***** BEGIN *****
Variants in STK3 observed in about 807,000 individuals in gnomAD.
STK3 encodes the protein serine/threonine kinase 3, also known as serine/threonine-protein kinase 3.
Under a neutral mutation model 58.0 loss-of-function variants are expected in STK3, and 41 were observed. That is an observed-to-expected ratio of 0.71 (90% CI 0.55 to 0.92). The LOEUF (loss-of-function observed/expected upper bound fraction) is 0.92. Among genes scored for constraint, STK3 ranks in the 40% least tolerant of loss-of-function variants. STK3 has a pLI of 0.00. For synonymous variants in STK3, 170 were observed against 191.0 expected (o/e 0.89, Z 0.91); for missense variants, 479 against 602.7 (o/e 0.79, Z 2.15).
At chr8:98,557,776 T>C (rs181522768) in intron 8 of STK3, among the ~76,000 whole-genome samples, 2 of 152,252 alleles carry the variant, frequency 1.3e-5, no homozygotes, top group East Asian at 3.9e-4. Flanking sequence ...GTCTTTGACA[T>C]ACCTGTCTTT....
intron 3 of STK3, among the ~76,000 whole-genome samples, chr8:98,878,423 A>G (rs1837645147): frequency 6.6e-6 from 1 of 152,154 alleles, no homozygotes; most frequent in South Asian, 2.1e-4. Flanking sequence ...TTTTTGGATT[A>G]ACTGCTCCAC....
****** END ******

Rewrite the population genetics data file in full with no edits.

Variants in STK3 observed in about 807,000 individuals in gnomAD.
STK3 encodes the protein serine/threonine kinase 3, also known as serine/threonine-protein kinase 3.
Under a neutral mutation model 58.0 loss-of-function variants are expected in STK3, and 41 were observed. That is an observed-to-expected ratio of 0.71 (90% CI 0.55 to 0.92). The LOEUF (loss-of-function observed/expected upper bound fraction) is 0.92. Among genes scored for constraint, STK3 ranks in the 40% least tolerant of loss-of-function variants. STK3 has a pLI of 0.00. For synonymous variants in STK3, 170 were observed against 191.0 expected (o/e 0.89, Z 0.91); for missense variants, 479 against 602.7 (o/e 0.79, Z 2.15).
At chr8:98,557,776 T>C (rs181522768) in intron 8 of STK3, among the ~76,000 whole-genome samples, 2 of 152,252 alleles carry the variant, frequency 1.3e-5, no homozygotes, top group East Asian at 3.9e-4. Flanking sequence ...GTCTTTGACA[T>C]ACCTGTCTTT....
intron 3 of STK3, among the ~76,000 whole-genome samples, chr8:98,878,423 A>G (rs1837645147): frequency 6.6e-6 from 1 of 152,154 alleles, no homozygotes; most frequent in South Asian, 2.1e-4. Flanking sequence ...TTTTTGGATT[A>G]ACTGCTCCAC....